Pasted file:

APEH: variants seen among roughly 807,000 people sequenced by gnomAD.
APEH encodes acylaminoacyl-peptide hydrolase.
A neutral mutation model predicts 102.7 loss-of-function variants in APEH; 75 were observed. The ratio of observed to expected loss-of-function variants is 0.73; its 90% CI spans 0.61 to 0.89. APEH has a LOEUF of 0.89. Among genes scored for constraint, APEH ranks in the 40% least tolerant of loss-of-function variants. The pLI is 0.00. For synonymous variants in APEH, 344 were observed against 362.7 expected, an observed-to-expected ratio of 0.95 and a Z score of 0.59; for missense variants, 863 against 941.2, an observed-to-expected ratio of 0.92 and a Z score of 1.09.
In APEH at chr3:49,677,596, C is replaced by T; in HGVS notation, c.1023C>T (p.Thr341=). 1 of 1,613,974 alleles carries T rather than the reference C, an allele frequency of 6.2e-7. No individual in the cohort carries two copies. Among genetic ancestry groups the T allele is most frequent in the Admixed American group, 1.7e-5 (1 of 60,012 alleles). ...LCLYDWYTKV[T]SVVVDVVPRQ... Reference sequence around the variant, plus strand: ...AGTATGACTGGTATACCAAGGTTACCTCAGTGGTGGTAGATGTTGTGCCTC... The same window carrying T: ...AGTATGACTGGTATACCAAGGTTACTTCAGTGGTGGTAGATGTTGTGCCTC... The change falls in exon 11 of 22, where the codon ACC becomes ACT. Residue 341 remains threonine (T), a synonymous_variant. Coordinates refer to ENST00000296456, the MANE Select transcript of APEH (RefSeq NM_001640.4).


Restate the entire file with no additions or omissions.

APEH: variants seen among roughly 807,000 people sequenced by gnomAD.
APEH encodes acylaminoacyl-peptide hydrolase.
A neutral mutation model predicts 102.7 loss-of-function variants in APEH; 75 were observed. The ratio of observed to expected loss-of-function variants is 0.73; its 90% CI spans 0.61 to 0.89. APEH has a LOEUF of 0.89. Among genes scored for constraint, APEH ranks in the 40% least tolerant of loss-of-function variants. The pLI is 0.00. For synonymous variants in APEH, 344 were observed against 362.7 expected, an observed-to-expected ratio of 0.95 and a Z score of 0.59; for missense variants, 863 against 941.2, an observed-to-expected ratio of 0.92 and a Z score of 1.09.
In APEH at chr3:49,677,596, C is replaced by T; in HGVS notation, c.1023C>T (p.Thr341=). 1 of 1,613,974 alleles carries T rather than the reference C, an allele frequency of 6.2e-7. No individual in the cohort carries two copies. Among genetic ancestry groups the T allele is most frequent in the Admixed American group, 1.7e-5 (1 of 60,012 alleles). ...LCLYDWYTKV[T]SVVVDVVPRQ... Reference sequence around the variant, plus strand: ...AGTATGACTGGTATACCAAGGTTACCTCAGTGGTGGTAGATGTTGTGCCTC... The same window carrying T: ...AGTATGACTGGTATACCAAGGTTACTTCAGTGGTGGTAGATGTTGTGCCTC... The change falls in exon 11 of 22, where the codon ACC becomes ACT. Residue 341 remains threonine (T), a synonymous_variant. Coordinates refer to ENST00000296456, the MANE Select transcript of APEH (RefSeq NM_001640.4).